Roma Inclusion

Commission’s Refusal of Citizens’ Initiative Annulled

The Eu­ro­pean Gen­eral Court has an­nulled the Com­mis­sion’s re­fusal of a cit­i­zen’s ini­tia­tive aimed at im­prov­ing the pro­tec­tion for mi­nori­ties. The court’s de­ci­sion will force the Com­mis­sion to re-eval­u­ate the ini­tia­tive.

– The Eu­ro­pean Gen­eral Court on Fri­day, 3 Feb­ru­ary 2017, an­nulled the Eu­ro­pean Com­mis­sion's de­ci­sion re­fus­ing reg­is­tra­tion of a pro­posed Eu­ro­pean cit­i­zens’ ini­tia­tive, the Mi­nor­ity SafePack [PDF], that called on the EU to im­prove the pro­tec­tion of per­sons be­long­ing to na­tional and lin­guis­tic mi­nori­ties and to strengthen cul­tural and lin­guis­tic di­ver­sity in the EU.

While the ini­tia­tive ac­knowl­edged that “ma­jor steps have been taken in the last few years” to ad­dress Roma ex­clu­sion (through the EU Framework for National Roma Integration Strategies up to 2020), it high­lighted that Roma mi­nori­ties are still “the largest and most ex­cluded group of mi­nori­ties in Eu­rope.” State­less­ness is a par­tic­u­lar con­cern for Roma mi­nori­ties, and this is one as­pect that the ini­tia­tive aimed at ad­dress­ing. “There are hun­dreds of thou­sands of state­less per­sons in Eu­rope. Many of these per­sons be­long to na­tional mi­nori­ties, and have been liv­ing in the EU for decades. They risk be­ing ex­cluded from ed­u­ca­tion, health­care, so­cial as­sis­tance and the right to vote. A state­less per­son may not be able to travel or work legally. As a re­sult they have to con­tend with in­equal­ity and dis­crim­i­na­tion. A great num­ber of state­less per­sons in Eu­rope are Roma.”

The ini­tia­tive ac­knowl­edged that it is be­yond to com­pe­ten­cies of the EU to pro­vide cit­i­zen­ship for the state­less, but clar­i­fied that a “num­ber of di­rec­tives have been adopted that deal with the rights of cer­tain cat­e­gories of third-coun­try na­tion­als (in­clud­ing state­less per­sons) [but] there are still cat­e­gories of per­sons who are ex­cluded from this frame­work, and dif­fer­ences ex­ist be­tween the rights of state­less per­sons and those of EU-cit­i­zens in a sim­i­lar sit­u­a­tion, e.g. in re­gard to work per­mits, fam­ily re­uni­fi­ca­tion and in re­gard to the pro­vi­sion of ser­vices.” The ini­tia­tive adds that “an ex­ten­sion of cit­i­zens-re­lated rights to state­less per­sons and their fam­i­lies, who have been liv­ing in their coun­try of ori­gin for the whole of their lives, can al­le­vi­ate a lot of these per­sons’ prob­lems.”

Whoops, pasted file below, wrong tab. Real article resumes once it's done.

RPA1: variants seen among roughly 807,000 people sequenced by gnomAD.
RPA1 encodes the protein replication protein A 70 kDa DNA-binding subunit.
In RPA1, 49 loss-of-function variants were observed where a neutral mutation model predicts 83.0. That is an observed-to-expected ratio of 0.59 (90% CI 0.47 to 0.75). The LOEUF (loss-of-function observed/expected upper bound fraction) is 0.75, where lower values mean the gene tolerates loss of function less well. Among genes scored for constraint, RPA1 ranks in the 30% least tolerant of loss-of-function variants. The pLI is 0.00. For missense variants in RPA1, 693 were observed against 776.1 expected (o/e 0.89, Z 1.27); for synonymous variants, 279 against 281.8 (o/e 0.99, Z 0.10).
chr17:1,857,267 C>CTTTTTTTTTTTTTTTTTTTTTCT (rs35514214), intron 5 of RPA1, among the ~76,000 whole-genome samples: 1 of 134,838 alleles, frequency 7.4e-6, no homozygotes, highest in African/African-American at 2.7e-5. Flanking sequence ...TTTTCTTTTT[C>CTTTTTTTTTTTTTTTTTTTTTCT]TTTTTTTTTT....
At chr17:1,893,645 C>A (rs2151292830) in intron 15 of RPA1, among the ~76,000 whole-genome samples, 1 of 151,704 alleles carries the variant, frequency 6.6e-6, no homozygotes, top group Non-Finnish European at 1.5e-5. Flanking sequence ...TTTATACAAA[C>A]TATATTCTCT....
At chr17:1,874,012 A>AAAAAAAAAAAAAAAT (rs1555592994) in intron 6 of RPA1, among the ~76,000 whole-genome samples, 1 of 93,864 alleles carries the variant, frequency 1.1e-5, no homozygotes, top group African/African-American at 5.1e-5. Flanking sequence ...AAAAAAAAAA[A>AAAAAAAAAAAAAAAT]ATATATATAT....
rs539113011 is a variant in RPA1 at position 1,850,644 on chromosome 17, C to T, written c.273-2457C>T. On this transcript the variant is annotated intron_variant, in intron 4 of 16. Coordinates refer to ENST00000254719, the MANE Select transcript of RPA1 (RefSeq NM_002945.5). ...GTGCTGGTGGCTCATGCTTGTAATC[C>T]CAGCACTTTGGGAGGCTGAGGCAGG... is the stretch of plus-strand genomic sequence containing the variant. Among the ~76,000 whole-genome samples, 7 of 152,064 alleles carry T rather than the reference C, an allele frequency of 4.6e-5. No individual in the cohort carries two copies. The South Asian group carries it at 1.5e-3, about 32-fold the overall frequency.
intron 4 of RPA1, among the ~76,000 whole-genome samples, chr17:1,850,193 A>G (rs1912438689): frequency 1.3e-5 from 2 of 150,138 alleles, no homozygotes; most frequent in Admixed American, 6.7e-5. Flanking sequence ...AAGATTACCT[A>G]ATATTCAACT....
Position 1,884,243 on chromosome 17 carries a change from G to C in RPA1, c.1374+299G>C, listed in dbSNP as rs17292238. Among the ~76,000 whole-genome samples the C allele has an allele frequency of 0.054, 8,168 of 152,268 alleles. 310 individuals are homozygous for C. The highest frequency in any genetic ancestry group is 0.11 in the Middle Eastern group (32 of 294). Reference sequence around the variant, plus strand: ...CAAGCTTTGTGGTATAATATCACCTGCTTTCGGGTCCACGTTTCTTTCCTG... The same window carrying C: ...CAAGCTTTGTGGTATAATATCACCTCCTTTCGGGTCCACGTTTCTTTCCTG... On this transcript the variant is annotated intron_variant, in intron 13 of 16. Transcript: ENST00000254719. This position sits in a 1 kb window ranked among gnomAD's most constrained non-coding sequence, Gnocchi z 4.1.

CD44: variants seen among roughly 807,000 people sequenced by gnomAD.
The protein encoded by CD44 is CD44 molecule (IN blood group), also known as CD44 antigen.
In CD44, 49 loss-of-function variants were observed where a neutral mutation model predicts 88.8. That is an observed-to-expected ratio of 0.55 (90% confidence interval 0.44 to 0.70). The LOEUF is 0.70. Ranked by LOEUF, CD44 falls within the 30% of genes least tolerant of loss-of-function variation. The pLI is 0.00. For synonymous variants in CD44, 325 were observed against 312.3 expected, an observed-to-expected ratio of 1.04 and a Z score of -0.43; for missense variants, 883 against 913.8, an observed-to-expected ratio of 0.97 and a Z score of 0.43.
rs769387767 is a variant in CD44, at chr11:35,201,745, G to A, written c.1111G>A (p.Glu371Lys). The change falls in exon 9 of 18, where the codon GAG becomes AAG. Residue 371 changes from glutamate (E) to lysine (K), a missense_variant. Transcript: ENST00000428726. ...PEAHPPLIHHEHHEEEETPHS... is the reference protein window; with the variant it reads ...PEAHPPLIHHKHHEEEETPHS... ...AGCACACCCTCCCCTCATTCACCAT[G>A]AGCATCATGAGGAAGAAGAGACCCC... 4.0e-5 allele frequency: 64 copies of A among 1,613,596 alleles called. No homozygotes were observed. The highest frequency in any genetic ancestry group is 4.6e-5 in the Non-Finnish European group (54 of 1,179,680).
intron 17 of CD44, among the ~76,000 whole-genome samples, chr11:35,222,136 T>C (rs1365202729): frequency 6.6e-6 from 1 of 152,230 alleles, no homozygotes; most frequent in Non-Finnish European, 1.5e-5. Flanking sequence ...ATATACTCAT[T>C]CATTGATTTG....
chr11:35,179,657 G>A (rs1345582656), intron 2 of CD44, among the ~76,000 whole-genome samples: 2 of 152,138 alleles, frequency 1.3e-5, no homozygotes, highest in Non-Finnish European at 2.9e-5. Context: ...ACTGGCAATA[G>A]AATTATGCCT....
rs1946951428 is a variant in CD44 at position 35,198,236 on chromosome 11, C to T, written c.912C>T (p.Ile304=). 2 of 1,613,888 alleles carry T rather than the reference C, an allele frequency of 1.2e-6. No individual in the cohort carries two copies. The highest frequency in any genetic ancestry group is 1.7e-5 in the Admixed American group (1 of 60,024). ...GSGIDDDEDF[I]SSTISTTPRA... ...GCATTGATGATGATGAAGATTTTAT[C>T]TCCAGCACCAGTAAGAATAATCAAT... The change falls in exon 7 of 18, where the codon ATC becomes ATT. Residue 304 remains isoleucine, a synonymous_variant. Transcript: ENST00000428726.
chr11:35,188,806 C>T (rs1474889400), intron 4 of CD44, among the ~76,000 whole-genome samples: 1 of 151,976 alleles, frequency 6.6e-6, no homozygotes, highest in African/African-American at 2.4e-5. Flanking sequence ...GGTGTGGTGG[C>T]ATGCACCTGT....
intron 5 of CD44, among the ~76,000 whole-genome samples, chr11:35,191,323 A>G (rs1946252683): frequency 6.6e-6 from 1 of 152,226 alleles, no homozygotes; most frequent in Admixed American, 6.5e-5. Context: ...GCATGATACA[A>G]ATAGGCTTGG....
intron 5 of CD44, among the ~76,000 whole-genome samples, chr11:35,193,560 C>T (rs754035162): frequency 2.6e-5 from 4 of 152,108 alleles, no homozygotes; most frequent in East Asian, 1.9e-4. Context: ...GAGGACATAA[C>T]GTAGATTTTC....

The ini­tia­tive specif­i­cally pro­posed to ad­dress this is­sue by call­ing on the com­mis­sion to adopt “an amend­ment to the di­rec­tives that al­lows for the ap­prox­i­ma­tion of the rights of long-term state­less per­sons and their fam­i­lies to those of EU-cit­i­zens.”

In Sep­tem­ber 2013, the Com­mis­sion re­fused to reg­is­ter the pro­posal on the grounds that it “man­i­festly fell out­side the pow­ers which en­abled the Com­mis­sion to sub­mit a pro­posal for the adop­tion of an EU le­gal act for the pur­pose of im­ple­ment­ing the Treaties”.

Fri­day’s court de­ci­sion held that the Com­mis­sion’s rea­son­ing for re­fus­ing the reg­is­tra­tion of the pro­posal is “man­i­festly in­ad­e­quate”, and the Com­mis­sion ought to have in­di­cated which mea­sures fall out­side its com­pe­tences as well as set out the rea­sons in sup­port of that con­clu­sion. By not set­ting out the rea­sons, the cit­i­zens propos­ing the ini­tia­tive were pre­vented from con­test­ing the mer­its of the Com­mis­sion’s as­sess­ment, “just as the Court is pre­vented from ex­er­cis­ing its re­view of the le­gal­ity of the Com­mis­sion’s as­sess­ment”.

Ac­cord­ing to Hans Hein­rich Hansen, chair­man of the cit­i­zens’ com­mit­tee for the Mi­nor­ity SafePack Ini­tia­tive, the de­ci­sion “is an im­por­tant step for cit­i­zens’ in­volve­ment in the Eu­ro­pean Union.” The Com­mis­sion may how­ever ap­peal the de­ci­sion within two months.

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Roma seg­re­ga­tion is fre­quent in Ro­ma­nia. In Baia Mare, a so­cial-hous­ing com­plex mostly in­hab­ited by Roma peo­ple is be­com­ing a walled-in ghetto. In Roșia, Roma chil­dren are sent to seg­re­gated schools. Both is al­legedly be­ing done for the well­be­ing of the chil­dren.

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The pres­ence of Roma peo­ple is a con­tested and di­vi­sive is­sue across Eu­rope, and of­ten­times lo­cal au­thor­i­ties make the prob­lem worse by de­stroy­ing camps and push­ing com­mu­ni­ties from one lo­ca­tion to an­other, thereby stig­ma­tis­ing and re­in­forc­ing neg­a­tive stereo­types.

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